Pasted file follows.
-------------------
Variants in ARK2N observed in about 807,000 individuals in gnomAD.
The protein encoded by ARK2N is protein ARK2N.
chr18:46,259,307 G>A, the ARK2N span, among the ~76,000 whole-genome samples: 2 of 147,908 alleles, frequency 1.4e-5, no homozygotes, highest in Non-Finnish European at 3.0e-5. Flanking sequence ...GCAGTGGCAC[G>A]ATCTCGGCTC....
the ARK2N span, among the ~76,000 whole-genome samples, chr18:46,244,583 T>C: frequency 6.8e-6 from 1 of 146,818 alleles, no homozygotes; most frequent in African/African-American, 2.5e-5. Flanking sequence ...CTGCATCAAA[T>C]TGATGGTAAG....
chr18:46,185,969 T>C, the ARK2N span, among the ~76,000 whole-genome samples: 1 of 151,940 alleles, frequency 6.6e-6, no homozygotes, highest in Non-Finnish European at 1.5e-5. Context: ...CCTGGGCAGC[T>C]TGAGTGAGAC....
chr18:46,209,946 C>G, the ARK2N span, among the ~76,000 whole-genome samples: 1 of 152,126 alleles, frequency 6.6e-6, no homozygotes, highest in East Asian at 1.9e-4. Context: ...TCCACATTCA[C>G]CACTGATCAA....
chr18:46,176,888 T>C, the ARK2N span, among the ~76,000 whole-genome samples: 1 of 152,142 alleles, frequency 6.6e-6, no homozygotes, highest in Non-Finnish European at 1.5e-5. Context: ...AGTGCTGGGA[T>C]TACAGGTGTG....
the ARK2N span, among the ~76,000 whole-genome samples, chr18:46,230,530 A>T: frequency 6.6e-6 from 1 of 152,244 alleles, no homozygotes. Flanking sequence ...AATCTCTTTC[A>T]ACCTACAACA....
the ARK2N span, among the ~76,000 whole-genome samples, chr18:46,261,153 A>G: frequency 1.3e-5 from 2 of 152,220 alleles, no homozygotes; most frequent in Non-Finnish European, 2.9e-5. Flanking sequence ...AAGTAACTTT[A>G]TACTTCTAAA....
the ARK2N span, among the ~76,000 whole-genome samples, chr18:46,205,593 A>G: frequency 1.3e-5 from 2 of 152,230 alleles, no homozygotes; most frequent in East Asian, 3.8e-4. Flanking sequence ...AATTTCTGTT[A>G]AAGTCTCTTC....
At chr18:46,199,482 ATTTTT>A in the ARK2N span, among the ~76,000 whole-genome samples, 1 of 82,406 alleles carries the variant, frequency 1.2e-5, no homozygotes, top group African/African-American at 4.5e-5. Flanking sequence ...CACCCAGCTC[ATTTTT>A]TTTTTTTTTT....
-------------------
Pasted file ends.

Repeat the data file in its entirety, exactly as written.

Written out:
Variants in ARK2N observed in about 807,000 individuals in gnomAD.
The protein encoded by ARK2N is protein ARK2N.
chr18:46,259,307 G>A, the ARK2N span, among the ~76,000 whole-genome samples: 2 of 147,908 alleles, frequency 1.4e-5, no homozygotes, highest in Non-Finnish European at 3.0e-5. Flanking sequence ...GCAGTGGCAC[G>A]ATCTCGGCTC....
the ARK2N span, among the ~76,000 whole-genome samples, chr18:46,244,583 T>C: frequency 6.8e-6 from 1 of 146,818 alleles, no homozygotes; most frequent in African/African-American, 2.5e-5. Flanking sequence ...CTGCATCAAA[T>C]TGATGGTAAG....
chr18:46,185,969 T>C, the ARK2N span, among the ~76,000 whole-genome samples: 1 of 151,940 alleles, frequency 6.6e-6, no homozygotes, highest in Non-Finnish European at 1.5e-5. Context: ...CCTGGGCAGC[T>C]TGAGTGAGAC....
chr18:46,209,946 C>G, the ARK2N span, among the ~76,000 whole-genome samples: 1 of 152,126 alleles, frequency 6.6e-6, no homozygotes, highest in East Asian at 1.9e-4. Context: ...TCCACATTCA[C>G]CACTGATCAA....
chr18:46,176,888 T>C, the ARK2N span, among the ~76,000 whole-genome samples: 1 of 152,142 alleles, frequency 6.6e-6, no homozygotes, highest in Non-Finnish European at 1.5e-5. Context: ...AGTGCTGGGA[T>C]TACAGGTGTG....
the ARK2N span, among the ~76,000 whole-genome samples, chr18:46,230,530 A>T: frequency 6.6e-6 from 1 of 152,244 alleles, no homozygotes. Flanking sequence ...AATCTCTTTC[A>T]ACCTACAACA....
the ARK2N span, among the ~76,000 whole-genome samples, chr18:46,261,153 A>G: frequency 1.3e-5 from 2 of 152,220 alleles, no homozygotes; most frequent in Non-Finnish European, 2.9e-5. Flanking sequence ...AAGTAACTTT[A>G]TACTTCTAAA....
the ARK2N span, among the ~76,000 whole-genome samples, chr18:46,205,593 A>G: frequency 1.3e-5 from 2 of 152,230 alleles, no homozygotes; most frequent in East Asian, 3.8e-4. Flanking sequence ...AATTTCTGTT[A>G]AAGTCTCTTC....
At chr18:46,199,482 ATTTTT>A in the ARK2N span, among the ~76,000 whole-genome samples, 1 of 82,406 alleles carries the variant, frequency 1.2e-5, no homozygotes, top group African/African-American at 4.5e-5. Flanking sequence ...CACCCAGCTC[ATTTTT>A]TTTTTTTTTT....